“Just outside the sample” is far enough from the sample surface that the electron is outside the surface dipole layer (which translates to a few nanometers). For an uncharged sample the energy of “just outside the sample” and very far from it (i.e., “at infinity”) are the same, and equivalent to the vacuum level, \(E_\text{VAC}\). Note that there is a possible source of confusion here, as some authors denote the “just outside the sample” position as the “vacuum level” and the “at infinity” position as the “vacuum level at infinity” (this latter being the vacuum level intended when comparing against other reference electrodes). In the following, I intend to call the position “just outside the sample” for just that, and the “at infinity” position for the “vacuum level”, i.e., \(E_\text{VAC}\) (please correct me if you discover any inconsistencies!). As we have noted, for an uncharged sample there is effectively no difference in energy between these positions. But most samples will be charge (here charged does not mean that the whole material carries an effective charge, which is a physical impossibility) but rather that the surface in contact with the probe is charged, which is the case for many semiconductors, e.g., crystals with a non-centrosymmetric symmetry will have one direction that is more polar than the others (cf. piezoelectric crystals). Anyway, the point is that for most real-world materials, the point at which the vacuum level is defined actually matters.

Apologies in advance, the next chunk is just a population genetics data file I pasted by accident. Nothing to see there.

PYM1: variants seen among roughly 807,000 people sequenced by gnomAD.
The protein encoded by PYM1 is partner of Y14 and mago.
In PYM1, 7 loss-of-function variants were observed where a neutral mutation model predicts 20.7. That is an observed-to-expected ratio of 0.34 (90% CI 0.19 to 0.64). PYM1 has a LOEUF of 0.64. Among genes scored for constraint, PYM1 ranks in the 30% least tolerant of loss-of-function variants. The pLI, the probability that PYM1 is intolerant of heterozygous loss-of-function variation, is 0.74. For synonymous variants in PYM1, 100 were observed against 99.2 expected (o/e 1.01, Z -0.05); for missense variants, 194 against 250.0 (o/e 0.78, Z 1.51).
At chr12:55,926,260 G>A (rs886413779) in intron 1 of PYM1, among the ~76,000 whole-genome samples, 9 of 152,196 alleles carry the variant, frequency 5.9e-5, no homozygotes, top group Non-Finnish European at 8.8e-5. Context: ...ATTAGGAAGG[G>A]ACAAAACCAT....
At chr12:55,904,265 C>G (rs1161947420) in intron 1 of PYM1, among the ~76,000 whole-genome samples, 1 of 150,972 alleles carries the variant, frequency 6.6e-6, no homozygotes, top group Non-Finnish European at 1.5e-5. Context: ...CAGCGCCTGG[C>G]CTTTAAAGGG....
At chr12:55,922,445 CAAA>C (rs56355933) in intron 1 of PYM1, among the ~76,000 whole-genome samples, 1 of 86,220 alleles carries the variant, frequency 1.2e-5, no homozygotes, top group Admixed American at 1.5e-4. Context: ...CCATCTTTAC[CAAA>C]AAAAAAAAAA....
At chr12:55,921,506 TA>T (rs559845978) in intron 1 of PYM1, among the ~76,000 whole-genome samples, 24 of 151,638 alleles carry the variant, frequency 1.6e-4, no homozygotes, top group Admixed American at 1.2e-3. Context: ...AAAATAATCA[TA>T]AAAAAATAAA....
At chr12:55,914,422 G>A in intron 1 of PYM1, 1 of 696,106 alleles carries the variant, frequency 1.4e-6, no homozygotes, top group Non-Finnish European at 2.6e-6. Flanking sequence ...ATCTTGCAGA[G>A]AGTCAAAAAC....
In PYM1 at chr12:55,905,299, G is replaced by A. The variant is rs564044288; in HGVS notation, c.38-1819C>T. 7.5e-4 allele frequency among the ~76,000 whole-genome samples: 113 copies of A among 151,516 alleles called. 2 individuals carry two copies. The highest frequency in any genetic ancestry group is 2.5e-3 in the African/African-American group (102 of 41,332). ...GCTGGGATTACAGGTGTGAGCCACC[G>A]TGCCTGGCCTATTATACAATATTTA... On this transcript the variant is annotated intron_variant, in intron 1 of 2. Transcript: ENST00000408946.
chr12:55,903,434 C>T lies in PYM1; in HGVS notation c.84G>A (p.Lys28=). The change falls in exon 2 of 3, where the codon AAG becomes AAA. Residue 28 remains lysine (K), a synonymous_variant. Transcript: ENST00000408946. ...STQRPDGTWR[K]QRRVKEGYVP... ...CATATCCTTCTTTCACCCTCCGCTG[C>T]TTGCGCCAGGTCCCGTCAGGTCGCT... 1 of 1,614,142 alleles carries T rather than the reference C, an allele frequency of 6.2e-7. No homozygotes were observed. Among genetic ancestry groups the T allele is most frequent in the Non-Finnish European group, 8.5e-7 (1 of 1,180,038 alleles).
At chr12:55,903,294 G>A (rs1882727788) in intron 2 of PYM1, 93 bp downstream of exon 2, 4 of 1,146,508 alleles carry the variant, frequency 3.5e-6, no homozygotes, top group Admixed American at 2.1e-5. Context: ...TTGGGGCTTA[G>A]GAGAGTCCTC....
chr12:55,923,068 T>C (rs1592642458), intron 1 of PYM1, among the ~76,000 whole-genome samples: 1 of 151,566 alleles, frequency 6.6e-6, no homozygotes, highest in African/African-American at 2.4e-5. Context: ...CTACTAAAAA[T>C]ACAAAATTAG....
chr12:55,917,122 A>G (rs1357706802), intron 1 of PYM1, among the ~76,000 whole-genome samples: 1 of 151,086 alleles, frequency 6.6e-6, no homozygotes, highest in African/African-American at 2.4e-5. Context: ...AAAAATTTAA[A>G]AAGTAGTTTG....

The work function for an uncharged sample is comprised of the chemical work and the electrostatic work necessary for transporting the charged electron through the dipole layer at the surface: [3]

\[\begin{equation} \phi = -\mu_\text{e} + e\chi = -(\mu_\text{e} - e\chi) \end{equation}\]

where \(\mu_\text{e}\) is the chemical potential (i.e., the chemical work to transfer the electron from infinity into the sample, hence the minus sign), \(e\) is the electron charge, and \(\chi\) is the so-called dipole or surface potential (this is the potential drop between just inside the sample to just outside of it). Note that I have chosen to use lower-case phi (\(\phi\)) to symbolise the work function rather than upper-case Phi (\(\Phi\)).

If the sample is charged an additional work component is necessary to transfer the electron to a position infinity far away, namely \(e\psi\), where \(\psi\) is the Volta potential and is due to surface charges [3].